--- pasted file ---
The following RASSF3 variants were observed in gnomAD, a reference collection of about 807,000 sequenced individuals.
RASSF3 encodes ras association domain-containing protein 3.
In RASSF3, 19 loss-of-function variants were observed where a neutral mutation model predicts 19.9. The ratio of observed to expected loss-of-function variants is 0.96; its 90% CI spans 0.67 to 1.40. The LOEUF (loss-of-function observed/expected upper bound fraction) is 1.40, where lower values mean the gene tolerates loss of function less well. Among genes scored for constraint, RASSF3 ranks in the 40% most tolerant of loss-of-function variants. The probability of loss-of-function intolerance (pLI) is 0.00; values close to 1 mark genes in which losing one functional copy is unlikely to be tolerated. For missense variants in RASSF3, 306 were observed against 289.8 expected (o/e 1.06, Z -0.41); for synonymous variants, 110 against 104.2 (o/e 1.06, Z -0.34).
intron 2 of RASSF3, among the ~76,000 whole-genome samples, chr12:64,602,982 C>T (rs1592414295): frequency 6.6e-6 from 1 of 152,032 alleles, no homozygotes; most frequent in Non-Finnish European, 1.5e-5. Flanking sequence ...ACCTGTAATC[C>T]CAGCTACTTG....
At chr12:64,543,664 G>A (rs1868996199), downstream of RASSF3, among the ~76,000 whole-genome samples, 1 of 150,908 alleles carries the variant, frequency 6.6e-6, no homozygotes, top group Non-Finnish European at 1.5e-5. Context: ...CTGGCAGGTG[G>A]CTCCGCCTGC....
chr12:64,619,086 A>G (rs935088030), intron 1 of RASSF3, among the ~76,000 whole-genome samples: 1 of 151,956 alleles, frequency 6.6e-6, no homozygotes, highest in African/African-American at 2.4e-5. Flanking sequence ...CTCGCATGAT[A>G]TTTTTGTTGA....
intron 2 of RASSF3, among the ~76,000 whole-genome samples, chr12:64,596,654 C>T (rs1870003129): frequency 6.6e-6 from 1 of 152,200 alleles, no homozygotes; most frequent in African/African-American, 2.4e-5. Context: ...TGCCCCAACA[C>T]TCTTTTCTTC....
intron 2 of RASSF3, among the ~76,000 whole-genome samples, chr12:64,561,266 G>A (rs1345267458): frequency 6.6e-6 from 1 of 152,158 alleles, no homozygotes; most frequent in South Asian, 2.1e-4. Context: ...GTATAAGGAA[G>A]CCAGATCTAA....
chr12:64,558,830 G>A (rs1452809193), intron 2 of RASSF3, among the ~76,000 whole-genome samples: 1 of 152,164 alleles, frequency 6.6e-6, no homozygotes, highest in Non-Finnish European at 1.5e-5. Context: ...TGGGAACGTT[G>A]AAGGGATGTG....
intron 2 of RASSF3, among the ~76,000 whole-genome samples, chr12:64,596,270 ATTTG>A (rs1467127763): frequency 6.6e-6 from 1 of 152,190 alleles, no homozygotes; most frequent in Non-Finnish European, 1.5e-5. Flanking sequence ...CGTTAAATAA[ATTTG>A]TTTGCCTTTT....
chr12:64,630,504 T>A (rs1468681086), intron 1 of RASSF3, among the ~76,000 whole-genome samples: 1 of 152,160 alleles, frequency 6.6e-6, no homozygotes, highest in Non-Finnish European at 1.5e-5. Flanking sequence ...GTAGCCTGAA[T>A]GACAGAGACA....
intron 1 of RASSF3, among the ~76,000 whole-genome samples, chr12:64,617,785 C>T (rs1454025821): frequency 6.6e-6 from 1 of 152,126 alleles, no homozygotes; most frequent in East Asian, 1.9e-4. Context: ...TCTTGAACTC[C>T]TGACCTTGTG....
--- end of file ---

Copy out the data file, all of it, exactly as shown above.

The following RASSF3 variants were observed in gnomAD, a reference collection of about 807,000 sequenced individuals.
RASSF3 encodes ras association domain-containing protein 3.
In RASSF3, 19 loss-of-function variants were observed where a neutral mutation model predicts 19.9. The ratio of observed to expected loss-of-function variants is 0.96; its 90% CI spans 0.67 to 1.40. The LOEUF (loss-of-function observed/expected upper bound fraction) is 1.40, where lower values mean the gene tolerates loss of function less well. Among genes scored for constraint, RASSF3 ranks in the 40% most tolerant of loss-of-function variants. The probability of loss-of-function intolerance (pLI) is 0.00; values close to 1 mark genes in which losing one functional copy is unlikely to be tolerated. For missense variants in RASSF3, 306 were observed against 289.8 expected (o/e 1.06, Z -0.41); for synonymous variants, 110 against 104.2 (o/e 1.06, Z -0.34).
intron 2 of RASSF3, among the ~76,000 whole-genome samples, chr12:64,602,982 C>T (rs1592414295): frequency 6.6e-6 from 1 of 152,032 alleles, no homozygotes; most frequent in Non-Finnish European, 1.5e-5. Flanking sequence ...ACCTGTAATC[C>T]CAGCTACTTG....
At chr12:64,543,664 G>A (rs1868996199), downstream of RASSF3, among the ~76,000 whole-genome samples, 1 of 150,908 alleles carries the variant, frequency 6.6e-6, no homozygotes, top group Non-Finnish European at 1.5e-5. Context: ...CTGGCAGGTG[G>A]CTCCGCCTGC....
chr12:64,619,086 A>G (rs935088030), intron 1 of RASSF3, among the ~76,000 whole-genome samples: 1 of 151,956 alleles, frequency 6.6e-6, no homozygotes, highest in African/African-American at 2.4e-5. Flanking sequence ...CTCGCATGAT[A>G]TTTTTGTTGA....
intron 2 of RASSF3, among the ~76,000 whole-genome samples, chr12:64,596,654 C>T (rs1870003129): frequency 6.6e-6 from 1 of 152,200 alleles, no homozygotes; most frequent in African/African-American, 2.4e-5. Context: ...TGCCCCAACA[C>T]TCTTTTCTTC....
intron 2 of RASSF3, among the ~76,000 whole-genome samples, chr12:64,561,266 G>A (rs1345267458): frequency 6.6e-6 from 1 of 152,158 alleles, no homozygotes; most frequent in South Asian, 2.1e-4. Context: ...GTATAAGGAA[G>A]CCAGATCTAA....
chr12:64,558,830 G>A (rs1452809193), intron 2 of RASSF3, among the ~76,000 whole-genome samples: 1 of 152,164 alleles, frequency 6.6e-6, no homozygotes, highest in Non-Finnish European at 1.5e-5. Context: ...TGGGAACGTT[G>A]AAGGGATGTG....
intron 2 of RASSF3, among the ~76,000 whole-genome samples, chr12:64,596,270 ATTTG>A (rs1467127763): frequency 6.6e-6 from 1 of 152,190 alleles, no homozygotes; most frequent in Non-Finnish European, 1.5e-5. Flanking sequence ...CGTTAAATAA[ATTTG>A]TTTGCCTTTT....
chr12:64,630,504 T>A (rs1468681086), intron 1 of RASSF3, among the ~76,000 whole-genome samples: 1 of 152,160 alleles, frequency 6.6e-6, no homozygotes, highest in Non-Finnish European at 1.5e-5. Flanking sequence ...GTAGCCTGAA[T>A]GACAGAGACA....
intron 1 of RASSF3, among the ~76,000 whole-genome samples, chr12:64,617,785 C>T (rs1454025821): frequency 6.6e-6 from 1 of 152,126 alleles, no homozygotes; most frequent in East Asian, 1.9e-4. Context: ...TCTTGAACTC[C>T]TGACCTTGTG....